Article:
Hello, we are the Interactive Architecture Lab
We are interested in the Behaviour and Interaction of Things, Environments and their Inhabitants. The Interactive Architecture Lab at UCL is engaged in a range of academic research activities and industry collaborations. At the heart of the Lab is our 15 month Masters programme MArch Design for Performance & Interaction which gives students an opportunity to exploit the potential of new sensing, computation, networked and responsive technologies to imagine, build and test new spaces of performance & interaction.
The Interactive Architecture Lab shares its expertise with London’s leading design agencies to develop interactive experiences, robotic installations, advertising campaigns, products, services and events. Clients and collaborators have included Nike, Bank of America Merrill Lynch, Arup, Buro Happold, Abbott Mead Vickers BBDO, onedotzero, Marshmallow Laser Feast, Prettybird, Studio Roso, Alma-nac, Haptic Architects & Twitter.
The Interactive Architecture Lab works closely and regularly collaborates with London’s world leading engineering firms, cultural foundations and research institutions. A selection of them includes Create London, the Royal Academy, the Tate Modern, Kings College Centre of Robotics Research, Textile Futures Research Centre, Central School of Speech & Drama, Medical Research Council, Engineering & Physical Sciences Research Council, and the BBC.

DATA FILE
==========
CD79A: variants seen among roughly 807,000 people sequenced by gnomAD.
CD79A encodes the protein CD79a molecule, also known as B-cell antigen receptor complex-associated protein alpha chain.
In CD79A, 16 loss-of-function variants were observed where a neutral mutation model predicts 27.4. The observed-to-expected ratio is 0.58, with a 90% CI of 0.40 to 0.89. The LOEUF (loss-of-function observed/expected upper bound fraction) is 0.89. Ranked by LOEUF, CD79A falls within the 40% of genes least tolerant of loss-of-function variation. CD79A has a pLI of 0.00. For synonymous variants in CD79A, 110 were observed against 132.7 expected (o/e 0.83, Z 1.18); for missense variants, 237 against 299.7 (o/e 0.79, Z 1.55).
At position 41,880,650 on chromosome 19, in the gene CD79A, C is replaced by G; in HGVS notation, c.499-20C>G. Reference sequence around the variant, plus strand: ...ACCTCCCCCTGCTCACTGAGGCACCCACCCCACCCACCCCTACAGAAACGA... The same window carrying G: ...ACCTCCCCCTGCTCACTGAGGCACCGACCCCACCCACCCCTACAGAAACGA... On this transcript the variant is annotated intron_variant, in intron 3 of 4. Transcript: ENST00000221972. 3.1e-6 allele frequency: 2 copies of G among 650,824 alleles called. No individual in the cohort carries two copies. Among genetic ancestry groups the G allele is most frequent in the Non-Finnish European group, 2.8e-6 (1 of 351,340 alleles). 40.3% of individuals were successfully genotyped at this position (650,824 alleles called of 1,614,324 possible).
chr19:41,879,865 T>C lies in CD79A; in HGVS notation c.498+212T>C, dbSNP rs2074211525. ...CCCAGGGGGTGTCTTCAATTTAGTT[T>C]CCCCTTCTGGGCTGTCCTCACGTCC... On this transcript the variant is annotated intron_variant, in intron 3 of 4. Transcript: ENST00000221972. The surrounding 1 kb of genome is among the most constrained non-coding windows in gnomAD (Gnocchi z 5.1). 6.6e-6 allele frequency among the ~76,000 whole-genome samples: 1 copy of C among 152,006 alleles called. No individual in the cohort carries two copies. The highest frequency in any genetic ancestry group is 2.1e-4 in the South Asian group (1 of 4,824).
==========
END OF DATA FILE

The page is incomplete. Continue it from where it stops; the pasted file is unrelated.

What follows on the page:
Masters & PhD Programmes
For more information on our educational programmes check out our portfolio of research, selection of graduates work published in press, a full list of staff & students, and find out more about applying to study at UCL.
The Interactive Architecture Lab is based around 4 “Research Pathways” that develop work autonomously but regularly collaborate and share expertise and feedback with each other. Each Pathways is led by two members of staff from academic and/or industry backgrounds. They are additionally supported by a wide array of technical and theory staff.
ZERO: The Theatre of Machines
Dr Ruairi Glynn & Parker Heyl